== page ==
Laser source for biosensors

In the area of nano photonics, scientists for the first time succeeded in integrating a laser with an organic gain medium on a silicon photonic chip. This approach is of enormous potential for low-cost biosensors that might be used for near-patient diagnosis once and without any sterilization expenditure similar to today’s strips for measuring blood sugar. The researchers now present the new laser in Nature Communications.1

This is the first time organic lasers were integrated on a single silicon photonic chip, Christian Koos, researcher of KIT’s Institute of Photonics and Quantum Electronics (IPQ) and Institute of Microstructure Technology (IMT), reports. “The main advantage of the lasers consists in the fact that production of large series is associated with low costs. In the long term, manufacture at a price of some cents per laser might be feasible.”

One of the major challenges associated with the fabrication of optical microchips consists in integrating a number of different components on one substrate at low cost. For some years now, it has been possible to produce optical components from silicon. This so-called silicon photonics uses highly developed nanotechnological fabrication processes of microelectronics and allows for the inexpensive production of large numbers of high-performance photonic components. Such components of fractions of a micrometer in size can contribute to making information technology more energy-efficient and are highly suited for compact biosensors.

The problem of integrating light sources on the chip, however, still remained unsolved, as the silicon semiconductor is hardly suited as a light emitter due to its electronic structure. During electron transfer between energetically different states, the energy is preferably released in the form of heat rather than light.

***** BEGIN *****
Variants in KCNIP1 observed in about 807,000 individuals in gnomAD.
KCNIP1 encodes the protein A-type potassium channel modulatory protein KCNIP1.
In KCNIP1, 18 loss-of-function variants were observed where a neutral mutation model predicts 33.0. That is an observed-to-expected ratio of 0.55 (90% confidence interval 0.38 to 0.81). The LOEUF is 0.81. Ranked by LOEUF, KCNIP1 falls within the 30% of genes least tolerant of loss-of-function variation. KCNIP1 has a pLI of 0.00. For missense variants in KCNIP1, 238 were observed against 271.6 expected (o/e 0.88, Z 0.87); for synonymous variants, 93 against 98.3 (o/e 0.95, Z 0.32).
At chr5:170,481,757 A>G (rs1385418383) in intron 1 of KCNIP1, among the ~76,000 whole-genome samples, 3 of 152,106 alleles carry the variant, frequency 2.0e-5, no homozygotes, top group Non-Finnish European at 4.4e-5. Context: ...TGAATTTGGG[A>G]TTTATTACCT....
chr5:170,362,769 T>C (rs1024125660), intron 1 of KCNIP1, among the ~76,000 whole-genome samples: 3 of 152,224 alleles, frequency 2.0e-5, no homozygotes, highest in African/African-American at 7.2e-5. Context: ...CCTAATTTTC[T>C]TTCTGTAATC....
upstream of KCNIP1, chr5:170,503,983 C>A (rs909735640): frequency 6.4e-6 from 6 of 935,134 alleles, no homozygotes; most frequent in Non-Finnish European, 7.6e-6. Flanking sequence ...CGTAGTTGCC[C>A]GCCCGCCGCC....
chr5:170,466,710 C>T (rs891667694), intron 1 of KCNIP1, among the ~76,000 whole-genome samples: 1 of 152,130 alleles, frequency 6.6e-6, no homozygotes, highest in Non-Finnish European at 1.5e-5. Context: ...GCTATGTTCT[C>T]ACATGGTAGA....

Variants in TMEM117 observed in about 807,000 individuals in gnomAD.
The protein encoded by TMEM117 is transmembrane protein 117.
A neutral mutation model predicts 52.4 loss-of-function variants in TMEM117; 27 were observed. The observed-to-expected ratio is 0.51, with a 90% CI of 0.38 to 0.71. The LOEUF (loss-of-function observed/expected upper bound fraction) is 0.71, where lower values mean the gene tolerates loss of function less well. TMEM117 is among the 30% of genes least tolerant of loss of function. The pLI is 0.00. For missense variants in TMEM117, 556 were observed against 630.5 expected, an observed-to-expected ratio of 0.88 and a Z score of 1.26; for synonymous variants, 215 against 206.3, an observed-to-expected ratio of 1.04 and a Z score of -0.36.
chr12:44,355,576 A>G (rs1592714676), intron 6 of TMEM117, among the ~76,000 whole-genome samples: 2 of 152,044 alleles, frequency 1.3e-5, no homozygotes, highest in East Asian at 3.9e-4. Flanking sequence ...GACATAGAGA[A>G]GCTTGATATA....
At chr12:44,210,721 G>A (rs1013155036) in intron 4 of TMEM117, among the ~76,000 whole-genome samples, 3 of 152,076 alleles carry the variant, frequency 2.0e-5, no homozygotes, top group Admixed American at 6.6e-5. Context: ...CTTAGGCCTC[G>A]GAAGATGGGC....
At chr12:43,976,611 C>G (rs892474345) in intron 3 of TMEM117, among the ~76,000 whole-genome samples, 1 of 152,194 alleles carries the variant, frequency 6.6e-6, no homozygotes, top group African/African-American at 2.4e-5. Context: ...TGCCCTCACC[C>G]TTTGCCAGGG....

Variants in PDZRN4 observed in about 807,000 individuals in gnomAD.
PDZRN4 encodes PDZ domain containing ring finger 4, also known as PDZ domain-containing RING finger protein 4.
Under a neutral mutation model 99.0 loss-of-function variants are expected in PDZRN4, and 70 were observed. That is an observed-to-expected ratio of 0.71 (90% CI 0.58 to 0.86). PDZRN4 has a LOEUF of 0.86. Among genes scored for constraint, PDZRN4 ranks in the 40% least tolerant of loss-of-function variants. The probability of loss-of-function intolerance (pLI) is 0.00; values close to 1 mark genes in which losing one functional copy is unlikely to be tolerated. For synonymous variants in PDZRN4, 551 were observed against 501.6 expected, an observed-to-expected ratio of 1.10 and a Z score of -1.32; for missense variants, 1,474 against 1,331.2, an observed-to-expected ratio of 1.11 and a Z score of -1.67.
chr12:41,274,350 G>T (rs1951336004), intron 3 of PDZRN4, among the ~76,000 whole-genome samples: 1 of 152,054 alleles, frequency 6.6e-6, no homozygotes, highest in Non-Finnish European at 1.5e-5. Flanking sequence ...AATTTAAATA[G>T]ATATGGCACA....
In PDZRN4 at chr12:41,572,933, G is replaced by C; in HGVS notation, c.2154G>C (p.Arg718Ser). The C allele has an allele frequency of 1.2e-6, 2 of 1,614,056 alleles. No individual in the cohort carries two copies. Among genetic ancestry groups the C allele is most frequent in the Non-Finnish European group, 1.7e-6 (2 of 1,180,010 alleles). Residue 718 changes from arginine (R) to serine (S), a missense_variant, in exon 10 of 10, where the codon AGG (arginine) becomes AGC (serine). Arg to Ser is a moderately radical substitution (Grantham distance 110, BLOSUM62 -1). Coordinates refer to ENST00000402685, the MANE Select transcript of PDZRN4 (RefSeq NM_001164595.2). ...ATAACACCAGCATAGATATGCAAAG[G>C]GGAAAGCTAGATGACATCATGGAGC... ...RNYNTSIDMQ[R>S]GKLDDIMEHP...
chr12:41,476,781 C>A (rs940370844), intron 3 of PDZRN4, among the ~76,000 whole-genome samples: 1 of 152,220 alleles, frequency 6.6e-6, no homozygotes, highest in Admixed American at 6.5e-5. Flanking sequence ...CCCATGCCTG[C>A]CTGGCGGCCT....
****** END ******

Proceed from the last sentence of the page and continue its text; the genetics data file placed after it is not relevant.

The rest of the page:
Researchers of KIT have now developed a new class of lasers in the infrared range. For this purpose, they combine silicon nano waveguides with a polymer doped with an organic dye. The energy to operate this “organic” laser is supplied from above, vertically to the chip surface, by a pulsed light source. The laser light produced is directly coupled into a silicon nano waveguide. The researchers succeeded in generating pulsed laser radiation with a wavelength of 1310 nm and a peak power of more than 1 Watt on one chip. The new infrared lasers are presented in the Nature Communications journal. By the use of various dyes and laser resonators, the wavelength of laser radiation can be varied over a wide range.

The components might be used among others for biosensors with a variety of integrated laser light sources and wavelengths adapted to the special application. Such sensors may be used to measure medically relevant substances. To prevent contamination, it is advantageous to produce these chips at minimum costs and to use them once only. In this way, the sensors can be applied directly on the patient or in medical practices (point-of-care diagnosis).

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